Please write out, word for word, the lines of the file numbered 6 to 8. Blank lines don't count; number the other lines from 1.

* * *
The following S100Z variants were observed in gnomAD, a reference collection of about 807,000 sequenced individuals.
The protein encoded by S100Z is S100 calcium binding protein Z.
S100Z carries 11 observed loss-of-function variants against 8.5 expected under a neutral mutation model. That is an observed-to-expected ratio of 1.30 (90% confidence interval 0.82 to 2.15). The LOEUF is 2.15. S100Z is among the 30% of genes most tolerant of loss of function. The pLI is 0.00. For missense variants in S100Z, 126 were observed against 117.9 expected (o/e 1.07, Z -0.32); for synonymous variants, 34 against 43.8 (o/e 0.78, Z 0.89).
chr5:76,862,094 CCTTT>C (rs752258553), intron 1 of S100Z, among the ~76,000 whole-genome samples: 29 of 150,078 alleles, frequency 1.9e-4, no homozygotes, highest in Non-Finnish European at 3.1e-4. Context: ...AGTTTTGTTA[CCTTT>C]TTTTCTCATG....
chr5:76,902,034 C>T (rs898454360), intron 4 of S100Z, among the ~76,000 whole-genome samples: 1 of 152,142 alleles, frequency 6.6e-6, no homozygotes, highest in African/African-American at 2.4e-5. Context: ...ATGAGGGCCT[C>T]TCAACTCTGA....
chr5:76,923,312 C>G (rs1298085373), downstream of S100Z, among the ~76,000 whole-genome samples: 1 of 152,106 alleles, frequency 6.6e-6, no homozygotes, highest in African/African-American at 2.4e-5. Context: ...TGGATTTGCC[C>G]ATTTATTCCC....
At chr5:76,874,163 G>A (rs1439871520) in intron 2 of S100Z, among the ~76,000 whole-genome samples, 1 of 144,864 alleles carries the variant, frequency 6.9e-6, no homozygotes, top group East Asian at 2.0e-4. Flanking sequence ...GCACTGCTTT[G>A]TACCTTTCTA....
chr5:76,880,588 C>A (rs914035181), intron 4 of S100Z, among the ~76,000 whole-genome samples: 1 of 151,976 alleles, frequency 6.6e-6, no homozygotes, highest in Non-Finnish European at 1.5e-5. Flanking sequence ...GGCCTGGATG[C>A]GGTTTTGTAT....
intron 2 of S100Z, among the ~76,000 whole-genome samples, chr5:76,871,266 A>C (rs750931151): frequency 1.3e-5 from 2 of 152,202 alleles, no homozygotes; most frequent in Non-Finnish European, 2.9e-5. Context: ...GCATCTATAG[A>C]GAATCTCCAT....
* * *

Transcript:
chr5:76,923,312 C>G (rs1298085373), downstream of S100Z, among the ~76,000 whole-genome samples: 1 of 152,106 alleles, frequency 6.6e-6, no homozygotes, highest in African/African-American at 2.4e-5. Context: ...TGGATTTGCC[C>G]ATTTATTCCC....
At chr5:76,874,163 G>A (rs1439871520) in intron 2 of S100Z, among the ~76,000 whole-genome samples, 1 of 144,864 alleles carries the variant, frequency 6.9e-6, no homozygotes, top group East Asian at 2.0e-4. Flanking sequence ...GCACTGCTTT[G>A]TACCTTTCTA....
chr5:76,880,588 C>A (rs914035181), intron 4 of S100Z, among the ~76,000 whole-genome samples: 1 of 151,976 alleles, frequency 6.6e-6, no homozygotes, highest in Non-Finnish European at 1.5e-5. Flanking sequence ...GGCCTGGATG[C>A]GGTTTTGTAT....